Greening Buildings, from the Empire State to the Sunflower State

Greening Buildings, from the Empire State to the Sunflower State

First up this week: How does a Midwest town recover from a devastating tornado? When that town is Greensburg, Kansas, it returns to its pioneer roots and rebuilds sustainably. Correspondent Lee Patrick Sullivan looks at how Greensburg residents used the destruction of their own as an opportunity to literally live up to the town's name.

Next, Greensburg, Kansas, used a moment of tragedy to become an icon of efficiency. But what will it take for other cities to go green? Can citizens be motivated to make efficiency upgrades without disaster? Anchor Thalia Assuras joins Robert Bryce, Senior Fellow at The Manhattan Institute, and Matt Petersen, President and CEO of Global Green USA, to discuss the potential opportunities and pitfalls of energy efficient building, and debate what it will take for American cities to become more sustainable.

Then, in this week's energyNOW! Hot Zone, Japan is building a sustainable smart town. The Fujisawa SST is set to open in 2014, about 30 miles from Tokyo. It's 10,000 home will be powered by pre-installed solar and battery systems and public buildings will have similar power systems. Residents will use or share electric vehicles and bicycles for transportation. Carbon emissions from the town are supposed to be 70 percent lower than 1990 levels. The cost for the whole project is about $741 million.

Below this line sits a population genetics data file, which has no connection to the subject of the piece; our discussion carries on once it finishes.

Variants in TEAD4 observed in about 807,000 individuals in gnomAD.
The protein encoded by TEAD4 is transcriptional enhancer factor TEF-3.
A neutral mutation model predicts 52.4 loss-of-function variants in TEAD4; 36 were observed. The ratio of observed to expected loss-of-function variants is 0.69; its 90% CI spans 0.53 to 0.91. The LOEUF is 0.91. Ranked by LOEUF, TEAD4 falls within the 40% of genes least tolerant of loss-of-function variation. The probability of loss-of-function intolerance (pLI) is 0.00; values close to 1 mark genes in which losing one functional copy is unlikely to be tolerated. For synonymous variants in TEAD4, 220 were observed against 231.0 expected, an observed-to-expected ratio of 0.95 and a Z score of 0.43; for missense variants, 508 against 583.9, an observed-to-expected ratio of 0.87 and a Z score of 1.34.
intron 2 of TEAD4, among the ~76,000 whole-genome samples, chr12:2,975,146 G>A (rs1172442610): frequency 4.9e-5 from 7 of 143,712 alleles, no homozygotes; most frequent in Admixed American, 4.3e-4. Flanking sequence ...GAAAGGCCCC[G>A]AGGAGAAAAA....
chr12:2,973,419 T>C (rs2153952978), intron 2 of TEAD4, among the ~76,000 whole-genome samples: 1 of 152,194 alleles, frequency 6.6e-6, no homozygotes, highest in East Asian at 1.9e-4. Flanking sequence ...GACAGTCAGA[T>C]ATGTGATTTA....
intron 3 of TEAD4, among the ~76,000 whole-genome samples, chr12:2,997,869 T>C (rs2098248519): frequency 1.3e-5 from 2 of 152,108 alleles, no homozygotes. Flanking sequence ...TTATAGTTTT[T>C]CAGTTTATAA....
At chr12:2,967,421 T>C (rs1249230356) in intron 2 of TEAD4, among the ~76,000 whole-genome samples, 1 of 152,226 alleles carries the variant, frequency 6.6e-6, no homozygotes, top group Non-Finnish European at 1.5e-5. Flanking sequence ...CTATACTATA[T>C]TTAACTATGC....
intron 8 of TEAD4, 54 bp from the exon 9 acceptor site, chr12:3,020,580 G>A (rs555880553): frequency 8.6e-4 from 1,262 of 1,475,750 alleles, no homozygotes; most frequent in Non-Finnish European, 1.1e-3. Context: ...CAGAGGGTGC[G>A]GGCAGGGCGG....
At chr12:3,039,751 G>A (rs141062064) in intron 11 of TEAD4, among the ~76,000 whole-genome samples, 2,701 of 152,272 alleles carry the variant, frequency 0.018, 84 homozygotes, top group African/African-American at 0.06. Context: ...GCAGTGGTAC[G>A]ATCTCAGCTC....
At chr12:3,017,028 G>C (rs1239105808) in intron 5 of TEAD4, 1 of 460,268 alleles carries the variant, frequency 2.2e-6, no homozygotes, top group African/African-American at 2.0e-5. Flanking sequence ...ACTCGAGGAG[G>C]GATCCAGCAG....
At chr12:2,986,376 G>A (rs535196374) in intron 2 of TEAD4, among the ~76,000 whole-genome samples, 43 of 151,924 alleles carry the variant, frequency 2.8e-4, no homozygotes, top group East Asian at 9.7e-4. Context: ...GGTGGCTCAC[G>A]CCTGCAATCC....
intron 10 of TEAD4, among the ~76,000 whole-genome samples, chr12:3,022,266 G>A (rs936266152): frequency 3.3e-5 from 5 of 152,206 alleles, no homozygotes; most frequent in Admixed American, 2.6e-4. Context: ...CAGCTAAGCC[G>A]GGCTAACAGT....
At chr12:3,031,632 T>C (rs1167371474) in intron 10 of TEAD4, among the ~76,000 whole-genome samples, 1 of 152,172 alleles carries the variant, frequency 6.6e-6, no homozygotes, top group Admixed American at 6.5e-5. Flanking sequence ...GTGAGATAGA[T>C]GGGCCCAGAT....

This week's energyTHEN takes us back to 1979, when screen legend Gregory Peck starred in a film from the Alliance to Save Energy, urging Americans to be more efficient. The film was made at the time of the Iranian hostage crisis, when the price of oil more than doubled in two years, sending shockwaves through the U.S. economy. Peck warns the audience that the amount of energy the U.S. wasted in the previous year equaled all the oil it imported.

Finally, One of New York City's biggest landmarks is becoming one of its greenest. The Empire State Building, which was once the world's tallest, is completing a 5-year, $500 million makeover that will make it a leader in energy efficiency. Special Correspondent Josh Zepps gives us the top-to-bottom details, including its heating and cooling system, lights, windows and elevators.